Despite fierce controversy, existing physician-assisted suicide or death with dignity programs in the United States appear to be well-accepted by patients and clinicians, according to a report published in the New England Journal of Medicine.
In their report, lead author Elizabeth Trice Loggers, MD, PhD, medical director of palliative care at Seattle Cancer Care Alliance, and colleagues explain that Washington's program "allows patients with cancer who wish to consider this option to do so within the context of their ongoing care." Guidelines in Washington—one of three states to allow some form of physician-assisted suicide—also accommodate variation in clinicians' willingness to participate, noted Medscape Today.
For the most part, families anecdotally describe such deaths as peaceful, according to the authors, and frequently express gratitude after the prescription is received, regardless of whether it is ever filled or ingested. This indicates that patients feel "an important sense of control in an uncertain situation," the authors wrote.
While a recent bill to allow physician-assisted suicide, modeled after existing legislation in Oregon, failed in Massachusetts, Montana is now in the spotlight. Although Montana physicians who assist in a terminal patient's death have thus far been protected from criminal liability by patient consent, the state Senate is expected to approve a House-passed bill that would imprison doctors for up to 10 years if they provide aid to help terminally ill patients die.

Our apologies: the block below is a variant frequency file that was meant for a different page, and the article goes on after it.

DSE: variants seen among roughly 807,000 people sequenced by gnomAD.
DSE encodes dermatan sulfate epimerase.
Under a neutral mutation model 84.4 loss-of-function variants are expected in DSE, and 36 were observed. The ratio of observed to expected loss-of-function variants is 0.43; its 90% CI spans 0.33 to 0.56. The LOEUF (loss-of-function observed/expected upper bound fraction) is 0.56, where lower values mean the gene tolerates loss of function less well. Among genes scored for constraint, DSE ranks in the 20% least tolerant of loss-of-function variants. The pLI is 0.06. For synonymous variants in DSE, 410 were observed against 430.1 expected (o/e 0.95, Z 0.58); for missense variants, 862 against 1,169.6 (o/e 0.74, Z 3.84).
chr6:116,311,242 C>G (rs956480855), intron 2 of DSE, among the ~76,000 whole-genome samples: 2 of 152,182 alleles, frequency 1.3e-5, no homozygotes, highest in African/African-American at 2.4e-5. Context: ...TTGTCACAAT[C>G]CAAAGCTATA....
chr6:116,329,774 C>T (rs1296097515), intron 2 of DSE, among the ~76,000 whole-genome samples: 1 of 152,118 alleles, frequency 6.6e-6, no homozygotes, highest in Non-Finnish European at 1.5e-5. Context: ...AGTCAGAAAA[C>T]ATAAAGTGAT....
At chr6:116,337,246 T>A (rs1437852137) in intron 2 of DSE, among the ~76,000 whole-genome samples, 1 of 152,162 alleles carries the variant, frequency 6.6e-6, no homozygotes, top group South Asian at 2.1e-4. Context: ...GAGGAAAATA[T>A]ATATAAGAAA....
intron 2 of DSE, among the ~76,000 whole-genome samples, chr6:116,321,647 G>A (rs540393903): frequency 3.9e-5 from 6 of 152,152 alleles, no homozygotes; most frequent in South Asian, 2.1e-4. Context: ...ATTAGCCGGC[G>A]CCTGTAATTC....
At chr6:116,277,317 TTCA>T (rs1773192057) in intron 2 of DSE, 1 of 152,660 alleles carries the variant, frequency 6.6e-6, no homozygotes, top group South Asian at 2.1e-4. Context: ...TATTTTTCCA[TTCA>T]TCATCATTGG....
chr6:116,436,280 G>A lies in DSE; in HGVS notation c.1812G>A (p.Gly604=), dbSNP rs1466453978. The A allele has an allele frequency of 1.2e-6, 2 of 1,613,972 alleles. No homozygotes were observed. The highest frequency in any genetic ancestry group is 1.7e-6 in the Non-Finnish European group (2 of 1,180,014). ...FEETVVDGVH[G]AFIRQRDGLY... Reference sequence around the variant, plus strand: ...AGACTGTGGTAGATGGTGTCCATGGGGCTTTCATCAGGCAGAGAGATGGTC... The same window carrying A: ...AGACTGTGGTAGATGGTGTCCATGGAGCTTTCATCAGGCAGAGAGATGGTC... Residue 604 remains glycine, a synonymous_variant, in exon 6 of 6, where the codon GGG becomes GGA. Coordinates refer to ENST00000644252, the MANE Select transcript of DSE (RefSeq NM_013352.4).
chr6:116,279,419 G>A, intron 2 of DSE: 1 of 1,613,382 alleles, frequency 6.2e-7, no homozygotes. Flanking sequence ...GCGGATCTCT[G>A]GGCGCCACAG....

In an interview with ABC News, Dr. Eric Kress, a 26-year family physician who has helped four Montana patients end their lives, said he had "no sleepless nights" after helping a patient die and was "proud that I had the courage to do the right thing for him."
Nonetheless, he told reporters that he would not continue to help terminally ill patients die if HB 505, Montanans Against Assisted Suicide, becomes law. "I am not a physician that wants to go to jail," he said.